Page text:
The Global Burden of Crop Loss initiative organised a series of webinars to introduce the initiative to institutional stakeholders in crop research and development. The webinar series which took place from 26 to 30 of October 2020 was hosted by CABI and attended by over 200 participants from institutions in over 20 countries. The aim of the webinar series was to give participants a working knowledge of the concept, timeline, progress, opportunities, and challenges in implementing the initiative. The series also served as an opportunity for participants to brainstorm and provide feedback on the proposed themes and framework of the initiative. Participants also contributed to developing models for calculating some key variables on the burden of crop loss.
The webinar had five sessions. Session one was an introduction to the Global Burden of Crop Loss initiative. Sessions two to four focused on technical discussions on calculating yield loss, attribution of biotic and abiotic causes to yield losses; and calculating the burden of yield loss. The final session summarised major outputs from the technical discussions (illustrated in the figure above).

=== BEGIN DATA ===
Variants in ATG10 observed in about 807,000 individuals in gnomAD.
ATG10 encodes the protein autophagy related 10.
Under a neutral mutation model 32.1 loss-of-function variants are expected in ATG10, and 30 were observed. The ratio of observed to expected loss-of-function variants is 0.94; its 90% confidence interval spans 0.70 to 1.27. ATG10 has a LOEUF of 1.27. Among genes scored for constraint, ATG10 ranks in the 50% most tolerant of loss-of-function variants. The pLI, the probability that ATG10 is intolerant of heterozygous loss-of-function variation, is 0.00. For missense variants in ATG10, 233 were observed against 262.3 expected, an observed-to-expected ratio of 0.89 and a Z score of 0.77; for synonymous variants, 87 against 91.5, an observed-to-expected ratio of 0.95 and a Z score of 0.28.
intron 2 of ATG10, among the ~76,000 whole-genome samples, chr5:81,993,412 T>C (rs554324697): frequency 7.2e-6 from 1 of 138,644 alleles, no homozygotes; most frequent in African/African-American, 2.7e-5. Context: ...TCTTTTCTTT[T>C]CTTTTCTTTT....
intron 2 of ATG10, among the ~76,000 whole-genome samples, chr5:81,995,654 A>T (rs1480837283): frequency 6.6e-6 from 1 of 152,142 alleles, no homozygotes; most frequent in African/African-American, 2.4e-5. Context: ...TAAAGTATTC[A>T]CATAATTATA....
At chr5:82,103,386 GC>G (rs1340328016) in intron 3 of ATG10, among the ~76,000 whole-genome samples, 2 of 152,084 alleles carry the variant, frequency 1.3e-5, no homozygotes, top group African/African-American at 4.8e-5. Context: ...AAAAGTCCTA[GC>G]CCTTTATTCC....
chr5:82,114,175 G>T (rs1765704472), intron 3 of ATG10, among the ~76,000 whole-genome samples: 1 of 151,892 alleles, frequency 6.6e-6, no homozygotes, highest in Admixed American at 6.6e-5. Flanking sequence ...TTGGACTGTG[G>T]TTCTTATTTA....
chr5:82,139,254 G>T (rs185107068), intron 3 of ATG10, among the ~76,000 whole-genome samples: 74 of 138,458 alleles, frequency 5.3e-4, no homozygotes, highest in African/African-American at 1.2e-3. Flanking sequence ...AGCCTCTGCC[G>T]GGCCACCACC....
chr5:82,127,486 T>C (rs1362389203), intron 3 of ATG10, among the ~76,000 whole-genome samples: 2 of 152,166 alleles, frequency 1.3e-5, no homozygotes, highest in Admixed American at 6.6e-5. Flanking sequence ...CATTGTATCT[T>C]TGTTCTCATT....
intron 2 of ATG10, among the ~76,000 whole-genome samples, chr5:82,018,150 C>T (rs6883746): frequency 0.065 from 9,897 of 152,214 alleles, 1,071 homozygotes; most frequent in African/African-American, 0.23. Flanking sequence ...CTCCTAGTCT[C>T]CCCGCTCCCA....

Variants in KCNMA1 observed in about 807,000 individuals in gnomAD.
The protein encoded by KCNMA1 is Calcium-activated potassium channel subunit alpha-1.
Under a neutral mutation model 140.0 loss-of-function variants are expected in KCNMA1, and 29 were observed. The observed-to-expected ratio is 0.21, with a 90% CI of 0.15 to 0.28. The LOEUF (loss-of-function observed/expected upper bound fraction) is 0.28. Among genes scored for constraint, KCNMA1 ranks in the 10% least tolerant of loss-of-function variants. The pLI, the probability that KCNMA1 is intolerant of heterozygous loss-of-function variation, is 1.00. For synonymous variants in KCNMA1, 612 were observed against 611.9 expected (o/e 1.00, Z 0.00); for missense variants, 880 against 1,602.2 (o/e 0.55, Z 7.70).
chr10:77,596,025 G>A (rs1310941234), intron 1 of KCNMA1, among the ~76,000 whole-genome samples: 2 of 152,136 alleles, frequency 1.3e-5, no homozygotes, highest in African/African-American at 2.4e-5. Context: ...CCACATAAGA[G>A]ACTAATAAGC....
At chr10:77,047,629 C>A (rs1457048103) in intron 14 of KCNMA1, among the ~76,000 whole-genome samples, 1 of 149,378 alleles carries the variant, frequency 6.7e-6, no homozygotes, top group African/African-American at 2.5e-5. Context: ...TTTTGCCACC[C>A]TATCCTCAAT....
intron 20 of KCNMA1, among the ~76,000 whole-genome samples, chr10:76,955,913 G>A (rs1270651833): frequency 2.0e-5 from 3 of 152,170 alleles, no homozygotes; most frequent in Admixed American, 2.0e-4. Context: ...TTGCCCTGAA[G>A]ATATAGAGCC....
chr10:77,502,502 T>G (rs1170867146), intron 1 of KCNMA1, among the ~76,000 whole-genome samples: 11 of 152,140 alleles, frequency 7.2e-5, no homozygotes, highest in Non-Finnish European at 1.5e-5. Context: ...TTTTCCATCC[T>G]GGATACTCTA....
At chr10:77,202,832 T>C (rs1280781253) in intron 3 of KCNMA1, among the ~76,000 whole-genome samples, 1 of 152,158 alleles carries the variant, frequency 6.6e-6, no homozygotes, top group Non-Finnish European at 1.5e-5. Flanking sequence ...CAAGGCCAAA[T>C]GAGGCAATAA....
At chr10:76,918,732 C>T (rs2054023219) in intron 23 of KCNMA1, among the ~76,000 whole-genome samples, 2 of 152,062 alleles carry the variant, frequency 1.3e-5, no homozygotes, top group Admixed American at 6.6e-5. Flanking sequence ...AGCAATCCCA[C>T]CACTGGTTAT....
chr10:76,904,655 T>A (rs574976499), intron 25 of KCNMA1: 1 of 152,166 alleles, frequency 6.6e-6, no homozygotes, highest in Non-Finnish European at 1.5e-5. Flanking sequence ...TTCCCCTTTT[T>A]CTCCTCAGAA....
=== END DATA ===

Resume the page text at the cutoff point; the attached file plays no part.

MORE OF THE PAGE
The key outputs from the webinar also captured knowledge gaps and suggestions on the next steps to drive the initiative forward. At the end of the webinar, participants provided valuable suggestions for shaping the approach to modelling and calculating the burden of crop loss. These suggestions revolved around the need for data and evidence to inform action; for a focus on gathering local knowledge and data; for clarification on the definition of ‘the burden’; for a focus on the impact of crop loss and the benefits of reducing crop losses; and the need for the models and metric systems to be adapted to different measurement purposes. Overall, it was identified that the major challenge would be to develop modelling methodologies for synthesising data which can sufficiently capture the manifestation of crop loss in diverse local conditions. Overall, through this webinar series, the need to calculate crop loss and the burden of crop loss became more evident as these calculations could inform research effort, policy making, and direct future funding efforts.